Dec 21, 2009

A Call to Sober-Mindedness

2 Timothy 4:5

“As for you, always be sober-minded, endure suffering, do the work of an evangelist, fulfill your ministry.”

Above all, Paul’s instructions to Timothy in 2 Timothy 4:1–5 can be summed up in one word — consistency. Having reached the end of a lifetime of ministry (v. 6), the apostle knows the hard work required of Christian leaders, and especially pastors, if they are not going to be distracted from all those things that can lead a believer to stray from consistent gospel proclamation. Some of these potential distractions are easy to identify, such as the temptation to water down the message to suit itching ears (vv. 3–4). Others, like the correction of error, only become distractions when, in hopes of converting them, impatience leads the minister to focus his attention on one group of people at the expense of another (vv. 1–2). Such issues can derail entire ministries if the teacher allows them to keep him from the consistent teaching of the entire counsel of God.

This emphasis on consistency is clear in today’s passage where Paul calls Timothy and, indeed, every Christian to sober-mindedness (v. 5). He who is intoxicated is inconsistent in his thoughts, words, and deeds; only the sober-minded can focus on the task at hand. The apostle’s metaphor is not a warning against alcohol but a call for leaders not to become fuzzy-headed in their thinking, just like a person might be when drunk. A sober person is alert to the dangers of the world, the flesh, and the Devil, and he is not easily distracted by the issues that can get his ministry off track (1 Thess. 5:6; 1 Peter 5:8).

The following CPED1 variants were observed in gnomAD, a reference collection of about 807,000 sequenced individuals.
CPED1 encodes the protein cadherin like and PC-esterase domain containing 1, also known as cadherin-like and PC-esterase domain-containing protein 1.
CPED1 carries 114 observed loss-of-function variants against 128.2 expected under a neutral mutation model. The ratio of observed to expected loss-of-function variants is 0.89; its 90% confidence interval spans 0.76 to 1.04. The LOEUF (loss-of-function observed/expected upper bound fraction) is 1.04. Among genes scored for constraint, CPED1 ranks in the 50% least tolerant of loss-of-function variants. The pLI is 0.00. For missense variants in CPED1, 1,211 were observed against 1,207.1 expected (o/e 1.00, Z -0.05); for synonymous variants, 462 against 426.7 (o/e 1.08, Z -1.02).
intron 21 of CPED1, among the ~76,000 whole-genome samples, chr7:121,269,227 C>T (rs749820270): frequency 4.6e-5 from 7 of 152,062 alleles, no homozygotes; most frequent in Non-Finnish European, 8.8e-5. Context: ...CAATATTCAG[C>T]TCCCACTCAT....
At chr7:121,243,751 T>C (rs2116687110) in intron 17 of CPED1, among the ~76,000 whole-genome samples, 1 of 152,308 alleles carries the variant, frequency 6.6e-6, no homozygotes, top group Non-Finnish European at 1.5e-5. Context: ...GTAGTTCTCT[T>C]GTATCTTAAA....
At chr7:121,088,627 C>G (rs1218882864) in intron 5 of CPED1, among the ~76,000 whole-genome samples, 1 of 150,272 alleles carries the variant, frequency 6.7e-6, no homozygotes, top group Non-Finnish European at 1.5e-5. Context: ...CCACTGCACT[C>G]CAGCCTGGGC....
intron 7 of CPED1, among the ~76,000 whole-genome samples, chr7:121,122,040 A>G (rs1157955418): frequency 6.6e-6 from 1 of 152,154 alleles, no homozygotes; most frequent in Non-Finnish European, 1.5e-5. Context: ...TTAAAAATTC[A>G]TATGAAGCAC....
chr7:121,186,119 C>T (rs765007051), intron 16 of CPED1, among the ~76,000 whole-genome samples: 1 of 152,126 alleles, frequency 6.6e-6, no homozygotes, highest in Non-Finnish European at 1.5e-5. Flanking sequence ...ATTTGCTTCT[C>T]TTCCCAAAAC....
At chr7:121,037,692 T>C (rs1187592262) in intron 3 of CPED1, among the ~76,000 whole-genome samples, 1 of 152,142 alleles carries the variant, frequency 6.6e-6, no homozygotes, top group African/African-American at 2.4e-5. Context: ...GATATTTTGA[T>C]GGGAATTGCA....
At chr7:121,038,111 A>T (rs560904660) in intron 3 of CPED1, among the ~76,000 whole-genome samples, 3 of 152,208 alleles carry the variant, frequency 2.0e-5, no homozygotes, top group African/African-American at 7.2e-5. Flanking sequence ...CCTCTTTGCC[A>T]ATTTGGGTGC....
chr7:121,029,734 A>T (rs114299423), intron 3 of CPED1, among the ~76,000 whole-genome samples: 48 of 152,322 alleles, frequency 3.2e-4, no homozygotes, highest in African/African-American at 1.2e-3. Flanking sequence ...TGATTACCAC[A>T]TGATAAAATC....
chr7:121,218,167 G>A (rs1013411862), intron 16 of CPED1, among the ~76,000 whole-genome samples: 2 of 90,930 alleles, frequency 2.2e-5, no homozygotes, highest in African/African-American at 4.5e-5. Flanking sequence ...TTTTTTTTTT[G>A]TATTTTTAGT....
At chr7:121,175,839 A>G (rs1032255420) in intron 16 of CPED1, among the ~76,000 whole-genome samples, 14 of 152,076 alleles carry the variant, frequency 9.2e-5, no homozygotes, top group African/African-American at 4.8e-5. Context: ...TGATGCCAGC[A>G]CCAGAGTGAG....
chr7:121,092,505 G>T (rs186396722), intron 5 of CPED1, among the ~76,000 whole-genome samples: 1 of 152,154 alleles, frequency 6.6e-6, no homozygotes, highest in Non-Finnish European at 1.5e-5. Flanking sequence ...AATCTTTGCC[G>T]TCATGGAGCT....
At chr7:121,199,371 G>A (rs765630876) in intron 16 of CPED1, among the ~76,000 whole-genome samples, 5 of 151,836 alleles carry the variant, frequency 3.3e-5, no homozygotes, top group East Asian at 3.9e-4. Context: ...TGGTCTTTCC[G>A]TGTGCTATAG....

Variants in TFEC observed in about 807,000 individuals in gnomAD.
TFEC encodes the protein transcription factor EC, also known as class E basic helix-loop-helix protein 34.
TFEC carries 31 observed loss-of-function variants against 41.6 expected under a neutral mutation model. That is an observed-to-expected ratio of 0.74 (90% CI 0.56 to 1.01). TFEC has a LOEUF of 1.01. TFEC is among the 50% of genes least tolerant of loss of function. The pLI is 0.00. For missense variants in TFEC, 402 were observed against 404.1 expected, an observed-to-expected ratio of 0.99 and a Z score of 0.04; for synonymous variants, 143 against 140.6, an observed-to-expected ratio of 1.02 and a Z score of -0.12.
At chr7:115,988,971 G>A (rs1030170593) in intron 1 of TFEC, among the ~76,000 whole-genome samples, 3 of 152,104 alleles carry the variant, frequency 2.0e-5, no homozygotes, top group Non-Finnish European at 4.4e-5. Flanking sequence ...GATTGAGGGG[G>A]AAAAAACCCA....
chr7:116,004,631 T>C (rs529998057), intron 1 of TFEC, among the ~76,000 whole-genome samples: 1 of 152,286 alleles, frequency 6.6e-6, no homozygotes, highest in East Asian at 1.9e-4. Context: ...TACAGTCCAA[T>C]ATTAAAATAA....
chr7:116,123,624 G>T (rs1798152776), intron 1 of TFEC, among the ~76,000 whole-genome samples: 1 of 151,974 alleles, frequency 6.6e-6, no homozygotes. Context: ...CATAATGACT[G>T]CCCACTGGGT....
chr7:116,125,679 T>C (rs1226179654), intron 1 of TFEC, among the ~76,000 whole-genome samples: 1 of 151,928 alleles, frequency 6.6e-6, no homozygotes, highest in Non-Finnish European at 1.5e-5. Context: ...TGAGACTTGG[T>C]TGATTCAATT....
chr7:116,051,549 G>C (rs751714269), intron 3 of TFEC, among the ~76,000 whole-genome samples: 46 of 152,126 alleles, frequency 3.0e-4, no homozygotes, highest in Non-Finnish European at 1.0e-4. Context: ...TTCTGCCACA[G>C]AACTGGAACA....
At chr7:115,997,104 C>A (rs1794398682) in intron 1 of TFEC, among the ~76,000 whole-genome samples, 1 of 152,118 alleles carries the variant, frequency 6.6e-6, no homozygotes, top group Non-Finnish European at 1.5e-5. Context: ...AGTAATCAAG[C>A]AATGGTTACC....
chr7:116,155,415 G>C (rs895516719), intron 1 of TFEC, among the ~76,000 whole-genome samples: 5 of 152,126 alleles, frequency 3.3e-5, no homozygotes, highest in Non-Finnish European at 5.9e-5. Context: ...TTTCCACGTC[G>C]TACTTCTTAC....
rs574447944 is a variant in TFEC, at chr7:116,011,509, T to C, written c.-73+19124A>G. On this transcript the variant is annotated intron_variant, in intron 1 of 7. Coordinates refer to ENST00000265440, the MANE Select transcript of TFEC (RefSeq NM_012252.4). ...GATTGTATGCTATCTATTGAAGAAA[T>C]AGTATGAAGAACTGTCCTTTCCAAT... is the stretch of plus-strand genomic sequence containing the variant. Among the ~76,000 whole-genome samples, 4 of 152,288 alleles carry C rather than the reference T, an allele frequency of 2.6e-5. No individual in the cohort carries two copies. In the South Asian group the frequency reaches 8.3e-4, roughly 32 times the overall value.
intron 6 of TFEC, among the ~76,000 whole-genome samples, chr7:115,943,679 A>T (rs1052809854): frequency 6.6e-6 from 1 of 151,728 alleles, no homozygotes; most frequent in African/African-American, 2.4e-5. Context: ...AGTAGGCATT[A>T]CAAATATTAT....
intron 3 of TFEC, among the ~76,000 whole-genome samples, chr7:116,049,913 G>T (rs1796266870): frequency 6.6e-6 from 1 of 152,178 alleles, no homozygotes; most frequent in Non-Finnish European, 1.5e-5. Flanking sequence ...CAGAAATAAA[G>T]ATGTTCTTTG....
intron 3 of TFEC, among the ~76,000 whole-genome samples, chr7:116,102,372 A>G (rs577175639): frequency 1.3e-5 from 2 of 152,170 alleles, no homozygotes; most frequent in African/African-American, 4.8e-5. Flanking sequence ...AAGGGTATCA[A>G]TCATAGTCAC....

In addition to this call for sobriety, Paul once more encourages Timothy to “endure suffering” (2 Tim. 4:5; see also 2:3). We see yet again that the gospel does not make the cessation of pain to be the highest good and that fidelity to Christ will result in suffering in this life, no matter how much the prosperity televangelists want to convince us otherwise. It is the faithful endurance of such suffering through the steadfast proclamation of the gospel no matter the cost that enables servants of the Lord to look back on their lives with no regrets. Those who heed Paul’s charge to Timothy to “fulfill” their ministry despite the pain that it brings will, at the end of the day, confess truly that they have kept the faith (4:6–7).

Coram Deo

Paul’s charge for Timothy to “fulfill” his ministry is a charge to the young man to remain true to his calling and live out his vocation with steadfastness. It is language used to speak of keeping a promise or paying back a debt, so a life of consistent service to the Lord is how we fulfill our vows to serve Him with all our heart, soul, mind, and strength. What are the distractions that keep you from fulfilling your vocation? How can you avoid them in your ministry?

For Further Study